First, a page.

I had a quiet day at work, but blimey! I got a lot done!
While I hauled boxes, processed books, priced, et cetera — so long as customers weren’t in the bookstore — I listened to four stories right off of Podcastle’s website, starting with two by Tim Pratt.
The first one was called “Cup and Table”, which was (and here I quote the man who recommended it to me), “so kick-ass and so much fun and kind of unbelievable how much is crammed into that story.” It was very time-bendy (timey-wimey, as the denizens of Doctor Who might say), its edginess and moroseness always tinged with the tongue-in-cheek. And the end? Surprised a huge grin outta me. I very much recommend it.
The second, “Hart and Boot”, was less structurally complex but even more to my taste. It was like something my buddy Patty might write after we watched a few too many episodes of Deadwood and we were in a gun-slinging, hip-swinging mood. Its protagonist, Pearl Hart, made me want to put on a pair of cowboy boots and shoot my way across the west. (‘Specially if naked men sort of slurped up from the mud every time I thought on ’em hard enough. Yummy.)
What I liked best was that even with Pearl’s foul mouth, her conniving mind, her selfishness and brazenness and remorseless use of people (especially, perhaps, of the one human she actually loved), she still had moments of rough tenderness that just… got me. Boot was great too, but there’s only so much you can do with a character that tired all the time.
HECK YEAH TIM PRATT!
My whole Prattathon started out as an exchange. I’d recommended a bunch of James Enge stuff to writer and editor Dave Thompson (’cause that’s how I roll, yo), which he actually went and read, and then, since sharing obsessions with awesome authors is totally rad, Dave recommended a monkey’s ton of the Prattman to me. With links!!!
And here I am, recommending them to YOU!
After the Pratt, I took a nice long swig of El-Mohtar.
I’d been meaning to listen to the audio of her lovely story “To Follow The Waves” ever since it came out at Podcastle in, what, January? Marguerite Croft narrates, and whatever it is in a voice that I like, that I want to keep listening to — she had it. My ear got hooked. I’d love to hear her read anything. Say, the phone book. “To Follow the Waves” can be found in a print and e-book anthology called SteamPowered: Lesbian Steampunk Stories, edited by JoSelle Vanderhooft and published by Torquere Press. El-Mohtar is but one of a mighty array of authors gracing those pages.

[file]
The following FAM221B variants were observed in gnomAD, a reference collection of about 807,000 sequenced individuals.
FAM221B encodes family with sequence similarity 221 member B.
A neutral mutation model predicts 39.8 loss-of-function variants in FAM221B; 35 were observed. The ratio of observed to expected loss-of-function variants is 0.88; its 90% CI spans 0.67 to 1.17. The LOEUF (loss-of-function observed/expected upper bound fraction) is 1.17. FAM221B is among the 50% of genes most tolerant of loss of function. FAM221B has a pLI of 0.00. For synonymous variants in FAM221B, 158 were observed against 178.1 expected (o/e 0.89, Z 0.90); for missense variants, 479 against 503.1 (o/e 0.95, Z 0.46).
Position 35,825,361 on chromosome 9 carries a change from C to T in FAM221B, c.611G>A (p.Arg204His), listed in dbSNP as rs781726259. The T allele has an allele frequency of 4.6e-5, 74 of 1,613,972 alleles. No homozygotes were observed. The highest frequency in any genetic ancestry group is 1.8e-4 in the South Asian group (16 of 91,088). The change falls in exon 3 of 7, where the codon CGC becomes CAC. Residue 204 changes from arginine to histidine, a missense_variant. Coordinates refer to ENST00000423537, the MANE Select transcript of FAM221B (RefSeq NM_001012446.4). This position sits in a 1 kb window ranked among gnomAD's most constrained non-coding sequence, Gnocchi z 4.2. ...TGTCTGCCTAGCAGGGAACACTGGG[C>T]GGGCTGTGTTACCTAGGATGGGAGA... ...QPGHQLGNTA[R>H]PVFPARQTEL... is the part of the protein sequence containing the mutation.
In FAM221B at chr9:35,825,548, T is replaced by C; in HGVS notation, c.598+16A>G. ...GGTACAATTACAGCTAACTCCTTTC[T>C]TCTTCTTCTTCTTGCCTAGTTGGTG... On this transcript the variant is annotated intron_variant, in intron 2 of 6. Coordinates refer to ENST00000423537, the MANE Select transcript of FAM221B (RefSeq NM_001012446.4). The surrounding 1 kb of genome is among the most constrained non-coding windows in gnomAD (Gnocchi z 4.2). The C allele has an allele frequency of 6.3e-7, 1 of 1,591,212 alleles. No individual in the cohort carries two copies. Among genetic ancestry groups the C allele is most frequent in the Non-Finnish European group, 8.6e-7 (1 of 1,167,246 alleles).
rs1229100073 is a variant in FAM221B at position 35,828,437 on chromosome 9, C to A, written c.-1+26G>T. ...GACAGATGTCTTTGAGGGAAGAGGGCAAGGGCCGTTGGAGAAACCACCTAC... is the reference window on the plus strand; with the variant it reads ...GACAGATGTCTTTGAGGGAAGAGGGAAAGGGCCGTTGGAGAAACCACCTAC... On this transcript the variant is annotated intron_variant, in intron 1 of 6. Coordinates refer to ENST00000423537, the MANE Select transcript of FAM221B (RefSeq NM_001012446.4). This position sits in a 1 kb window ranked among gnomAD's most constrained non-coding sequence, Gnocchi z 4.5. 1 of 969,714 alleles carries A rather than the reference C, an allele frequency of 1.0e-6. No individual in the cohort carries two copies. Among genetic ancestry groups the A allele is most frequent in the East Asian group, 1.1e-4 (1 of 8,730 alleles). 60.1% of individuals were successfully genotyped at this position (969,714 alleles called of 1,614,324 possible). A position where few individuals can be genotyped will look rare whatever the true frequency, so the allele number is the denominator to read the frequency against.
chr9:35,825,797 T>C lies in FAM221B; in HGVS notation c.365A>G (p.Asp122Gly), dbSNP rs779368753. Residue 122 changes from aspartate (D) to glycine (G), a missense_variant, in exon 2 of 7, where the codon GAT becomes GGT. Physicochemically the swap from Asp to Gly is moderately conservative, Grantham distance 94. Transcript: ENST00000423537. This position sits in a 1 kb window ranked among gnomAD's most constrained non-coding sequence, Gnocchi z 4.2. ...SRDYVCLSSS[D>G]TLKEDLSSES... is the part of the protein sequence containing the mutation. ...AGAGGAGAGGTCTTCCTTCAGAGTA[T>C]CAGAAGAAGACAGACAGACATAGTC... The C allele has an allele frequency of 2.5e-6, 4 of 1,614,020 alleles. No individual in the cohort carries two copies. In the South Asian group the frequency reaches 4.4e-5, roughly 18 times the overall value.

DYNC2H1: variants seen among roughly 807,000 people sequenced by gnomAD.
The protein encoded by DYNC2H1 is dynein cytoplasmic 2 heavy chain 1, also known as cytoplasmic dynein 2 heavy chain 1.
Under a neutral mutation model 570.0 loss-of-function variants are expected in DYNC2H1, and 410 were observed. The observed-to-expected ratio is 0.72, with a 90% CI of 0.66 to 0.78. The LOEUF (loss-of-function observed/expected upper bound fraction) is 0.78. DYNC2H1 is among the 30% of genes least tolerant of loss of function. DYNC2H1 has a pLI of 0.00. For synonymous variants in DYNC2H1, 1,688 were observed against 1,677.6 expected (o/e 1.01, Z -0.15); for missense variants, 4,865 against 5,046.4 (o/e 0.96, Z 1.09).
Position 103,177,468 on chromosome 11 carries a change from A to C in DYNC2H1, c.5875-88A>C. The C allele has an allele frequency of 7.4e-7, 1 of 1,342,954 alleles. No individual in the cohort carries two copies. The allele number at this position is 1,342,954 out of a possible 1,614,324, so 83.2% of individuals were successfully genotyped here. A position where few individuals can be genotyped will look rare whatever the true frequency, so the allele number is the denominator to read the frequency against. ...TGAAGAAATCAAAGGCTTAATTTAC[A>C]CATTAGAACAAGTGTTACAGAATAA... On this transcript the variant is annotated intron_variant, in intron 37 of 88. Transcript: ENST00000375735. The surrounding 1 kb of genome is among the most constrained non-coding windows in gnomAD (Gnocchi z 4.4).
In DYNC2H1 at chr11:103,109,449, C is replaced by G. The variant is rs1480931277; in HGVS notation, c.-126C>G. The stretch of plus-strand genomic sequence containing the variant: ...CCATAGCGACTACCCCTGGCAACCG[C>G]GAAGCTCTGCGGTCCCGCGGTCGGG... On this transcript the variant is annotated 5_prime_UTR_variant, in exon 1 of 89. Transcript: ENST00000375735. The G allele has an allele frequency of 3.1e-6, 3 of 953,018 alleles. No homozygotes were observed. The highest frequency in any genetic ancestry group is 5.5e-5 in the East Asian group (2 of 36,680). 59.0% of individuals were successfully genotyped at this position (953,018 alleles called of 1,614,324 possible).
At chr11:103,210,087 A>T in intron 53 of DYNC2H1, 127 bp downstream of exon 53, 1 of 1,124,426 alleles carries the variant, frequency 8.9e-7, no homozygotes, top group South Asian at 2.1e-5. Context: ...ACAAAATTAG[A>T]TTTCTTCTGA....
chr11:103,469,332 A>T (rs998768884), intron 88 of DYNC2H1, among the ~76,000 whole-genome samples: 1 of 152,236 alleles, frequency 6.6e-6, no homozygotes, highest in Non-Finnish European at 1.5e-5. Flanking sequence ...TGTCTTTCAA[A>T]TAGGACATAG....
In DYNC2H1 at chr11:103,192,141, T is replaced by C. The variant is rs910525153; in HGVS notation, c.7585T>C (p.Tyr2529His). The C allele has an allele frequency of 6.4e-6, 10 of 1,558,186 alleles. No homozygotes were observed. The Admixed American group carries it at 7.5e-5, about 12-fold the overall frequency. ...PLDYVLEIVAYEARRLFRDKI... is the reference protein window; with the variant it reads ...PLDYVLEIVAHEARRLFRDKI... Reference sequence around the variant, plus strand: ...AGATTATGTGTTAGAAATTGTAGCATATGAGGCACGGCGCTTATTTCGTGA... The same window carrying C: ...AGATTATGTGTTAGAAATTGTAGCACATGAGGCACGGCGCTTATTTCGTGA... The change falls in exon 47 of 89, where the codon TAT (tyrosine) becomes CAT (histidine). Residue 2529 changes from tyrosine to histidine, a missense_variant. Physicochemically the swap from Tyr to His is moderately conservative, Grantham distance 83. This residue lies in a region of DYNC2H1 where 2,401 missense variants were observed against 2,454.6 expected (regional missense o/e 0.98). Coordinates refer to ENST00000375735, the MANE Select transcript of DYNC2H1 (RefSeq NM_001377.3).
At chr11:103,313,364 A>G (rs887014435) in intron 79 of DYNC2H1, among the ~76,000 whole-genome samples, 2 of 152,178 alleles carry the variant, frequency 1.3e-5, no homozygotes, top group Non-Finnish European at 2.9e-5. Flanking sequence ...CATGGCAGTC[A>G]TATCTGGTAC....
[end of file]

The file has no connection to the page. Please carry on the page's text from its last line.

Then, after all these wonders, I also listened to my story, “Household Spirits,” which went up today on Podcastle.
This is the first story I’ve ever had up there, and I was a trifle nervous about it. Not least because my own thoughts toward the story pretty much amount to: “Well, girl, you did the best you could at the time, but next time, do better!”
Artsy-fartsy soul-searching aside, I really liked what I heard! The story is epistolary in structure, being a series of letters that a father and son striking out for the frontier send back home. The actors, Bob Eccles and Brian Lieberman, playing Hal and Jessamee Fletcher respectively, each have pleasant, distinct voices, speaking with a light twang that flavored the whole text with that Other Time-Other Placeness. I’m the only one I’ve heard read this story out loud, and of all the things I can do with my voice, going all gritty baritone frontiersman is not one of them. (Yet! But I bet voice actor Barbara Rosenblat could do it. Maybe if I try really hard, and after a few decades of gin and cigars…)
All kidding aside, to hear real men voicing my male characters was not something I’d gotten to experience before in FictionLand! Hurray! I mean, I love reading my stuff aloud; it’s often written to be read aloud, but it can get lonesome. When another person reads something you’ve written and does it well? There’s nothing quite like it in the world.
In other words, Podcastle rocks. All the fantasy you could possibly want, once a week, in your ear. Perfect for a morning commute, or a bout of dishwashing, or an endless pile of boxes to sort. Double-dog-dare-you to try it!